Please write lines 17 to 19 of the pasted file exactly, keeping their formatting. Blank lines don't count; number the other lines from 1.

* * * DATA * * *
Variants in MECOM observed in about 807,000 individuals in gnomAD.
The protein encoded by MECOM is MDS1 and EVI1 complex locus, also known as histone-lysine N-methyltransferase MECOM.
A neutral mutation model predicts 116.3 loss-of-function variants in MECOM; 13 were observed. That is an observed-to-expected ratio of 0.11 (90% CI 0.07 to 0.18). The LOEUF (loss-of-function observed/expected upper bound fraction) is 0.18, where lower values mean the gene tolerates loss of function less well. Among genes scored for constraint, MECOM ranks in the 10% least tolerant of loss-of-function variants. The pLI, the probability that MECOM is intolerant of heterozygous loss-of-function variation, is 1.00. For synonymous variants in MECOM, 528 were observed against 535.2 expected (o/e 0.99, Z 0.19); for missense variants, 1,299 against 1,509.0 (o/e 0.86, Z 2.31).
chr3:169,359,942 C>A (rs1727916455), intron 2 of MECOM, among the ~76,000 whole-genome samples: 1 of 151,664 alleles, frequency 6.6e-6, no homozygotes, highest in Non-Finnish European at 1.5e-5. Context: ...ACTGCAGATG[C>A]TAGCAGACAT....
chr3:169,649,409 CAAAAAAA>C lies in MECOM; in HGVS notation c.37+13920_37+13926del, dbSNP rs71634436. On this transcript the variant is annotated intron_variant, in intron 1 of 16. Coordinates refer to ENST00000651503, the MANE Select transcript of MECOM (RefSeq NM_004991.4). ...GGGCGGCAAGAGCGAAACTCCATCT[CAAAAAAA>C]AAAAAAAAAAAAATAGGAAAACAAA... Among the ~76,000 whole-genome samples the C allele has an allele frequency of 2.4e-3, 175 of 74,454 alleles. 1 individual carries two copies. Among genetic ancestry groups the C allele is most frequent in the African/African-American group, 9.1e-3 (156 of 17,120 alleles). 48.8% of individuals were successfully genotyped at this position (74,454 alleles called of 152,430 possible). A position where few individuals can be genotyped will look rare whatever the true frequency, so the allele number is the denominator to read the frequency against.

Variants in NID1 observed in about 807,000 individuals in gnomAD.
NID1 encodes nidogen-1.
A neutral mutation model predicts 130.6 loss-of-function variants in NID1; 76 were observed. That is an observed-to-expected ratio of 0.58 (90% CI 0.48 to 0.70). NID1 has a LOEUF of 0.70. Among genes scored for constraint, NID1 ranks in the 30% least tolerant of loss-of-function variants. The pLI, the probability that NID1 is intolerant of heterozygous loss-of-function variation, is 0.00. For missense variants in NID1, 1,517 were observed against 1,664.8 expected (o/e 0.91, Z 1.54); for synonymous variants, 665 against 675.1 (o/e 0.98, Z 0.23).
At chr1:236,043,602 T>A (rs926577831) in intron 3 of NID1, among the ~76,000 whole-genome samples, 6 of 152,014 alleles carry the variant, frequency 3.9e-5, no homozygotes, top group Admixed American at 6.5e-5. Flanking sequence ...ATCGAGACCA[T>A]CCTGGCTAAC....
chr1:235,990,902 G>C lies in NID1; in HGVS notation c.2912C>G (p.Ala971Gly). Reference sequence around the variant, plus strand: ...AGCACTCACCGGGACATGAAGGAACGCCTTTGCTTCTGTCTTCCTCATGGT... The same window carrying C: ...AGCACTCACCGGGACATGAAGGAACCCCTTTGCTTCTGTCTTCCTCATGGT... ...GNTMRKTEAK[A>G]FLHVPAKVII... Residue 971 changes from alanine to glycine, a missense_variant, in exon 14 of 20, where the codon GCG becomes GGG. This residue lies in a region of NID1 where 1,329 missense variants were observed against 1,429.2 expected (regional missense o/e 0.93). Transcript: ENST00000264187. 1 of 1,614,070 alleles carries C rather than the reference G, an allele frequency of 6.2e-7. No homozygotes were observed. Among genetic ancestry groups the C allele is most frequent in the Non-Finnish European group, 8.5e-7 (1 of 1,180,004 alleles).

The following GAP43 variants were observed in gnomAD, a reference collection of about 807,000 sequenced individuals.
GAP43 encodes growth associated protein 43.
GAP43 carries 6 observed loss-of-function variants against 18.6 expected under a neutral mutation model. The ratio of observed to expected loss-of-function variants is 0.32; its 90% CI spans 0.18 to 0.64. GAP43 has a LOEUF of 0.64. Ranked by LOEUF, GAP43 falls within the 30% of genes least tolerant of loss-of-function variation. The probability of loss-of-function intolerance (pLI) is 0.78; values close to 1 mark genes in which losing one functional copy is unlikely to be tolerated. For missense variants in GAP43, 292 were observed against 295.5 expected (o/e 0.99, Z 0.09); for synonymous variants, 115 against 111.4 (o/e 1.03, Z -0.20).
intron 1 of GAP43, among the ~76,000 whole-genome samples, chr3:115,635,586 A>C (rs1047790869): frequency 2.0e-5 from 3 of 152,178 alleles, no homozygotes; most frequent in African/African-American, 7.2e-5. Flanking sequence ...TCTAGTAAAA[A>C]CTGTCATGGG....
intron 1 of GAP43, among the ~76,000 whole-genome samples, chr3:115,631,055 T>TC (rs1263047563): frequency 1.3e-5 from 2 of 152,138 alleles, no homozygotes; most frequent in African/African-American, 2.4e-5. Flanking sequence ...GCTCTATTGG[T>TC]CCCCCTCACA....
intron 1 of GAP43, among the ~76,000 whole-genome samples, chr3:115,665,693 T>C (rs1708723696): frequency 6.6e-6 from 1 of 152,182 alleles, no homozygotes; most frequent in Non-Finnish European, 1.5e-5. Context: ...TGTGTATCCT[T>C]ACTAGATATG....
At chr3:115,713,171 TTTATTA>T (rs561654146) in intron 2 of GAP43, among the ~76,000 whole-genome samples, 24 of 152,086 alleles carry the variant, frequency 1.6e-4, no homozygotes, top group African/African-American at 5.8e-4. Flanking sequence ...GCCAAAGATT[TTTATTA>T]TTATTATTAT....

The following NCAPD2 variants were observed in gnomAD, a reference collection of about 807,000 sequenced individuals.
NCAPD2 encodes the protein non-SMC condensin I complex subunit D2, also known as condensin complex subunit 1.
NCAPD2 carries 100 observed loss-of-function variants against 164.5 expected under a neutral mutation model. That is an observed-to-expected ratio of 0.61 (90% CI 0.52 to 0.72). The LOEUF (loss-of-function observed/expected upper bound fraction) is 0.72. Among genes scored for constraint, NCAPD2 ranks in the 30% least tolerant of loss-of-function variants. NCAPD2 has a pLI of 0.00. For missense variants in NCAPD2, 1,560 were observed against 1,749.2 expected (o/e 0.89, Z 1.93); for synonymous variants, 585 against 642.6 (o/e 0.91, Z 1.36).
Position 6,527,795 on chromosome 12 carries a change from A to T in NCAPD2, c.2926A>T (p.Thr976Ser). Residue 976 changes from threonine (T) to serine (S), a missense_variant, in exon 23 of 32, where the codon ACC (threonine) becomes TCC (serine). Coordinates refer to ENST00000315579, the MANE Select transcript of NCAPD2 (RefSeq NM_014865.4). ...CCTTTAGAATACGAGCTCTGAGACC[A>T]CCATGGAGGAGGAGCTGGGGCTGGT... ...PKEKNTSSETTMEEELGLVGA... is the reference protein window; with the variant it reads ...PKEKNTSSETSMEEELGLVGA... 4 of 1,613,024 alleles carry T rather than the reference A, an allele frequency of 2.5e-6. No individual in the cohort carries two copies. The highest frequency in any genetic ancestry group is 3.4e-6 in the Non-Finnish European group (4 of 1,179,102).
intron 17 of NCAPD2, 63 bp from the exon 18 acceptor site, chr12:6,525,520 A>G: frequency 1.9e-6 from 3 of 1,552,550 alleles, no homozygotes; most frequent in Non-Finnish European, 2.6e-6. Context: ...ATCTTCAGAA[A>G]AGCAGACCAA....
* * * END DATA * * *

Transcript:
At chr3:115,713,171 TTTATTA>T (rs561654146) in intron 2 of GAP43, among the ~76,000 whole-genome samples, 24 of 152,086 alleles carry the variant, frequency 1.6e-4, no homozygotes, top group African/African-American at 5.8e-4. Flanking sequence ...GCCAAAGATT[TTTATTA>T]TTATTATTAT....

The following NCAPD2 variants were observed in gnomAD, a reference collection of about 807,000 sequenced individuals.
NCAPD2 encodes the protein non-SMC condensin I complex subunit D2, also known as condensin complex subunit 1.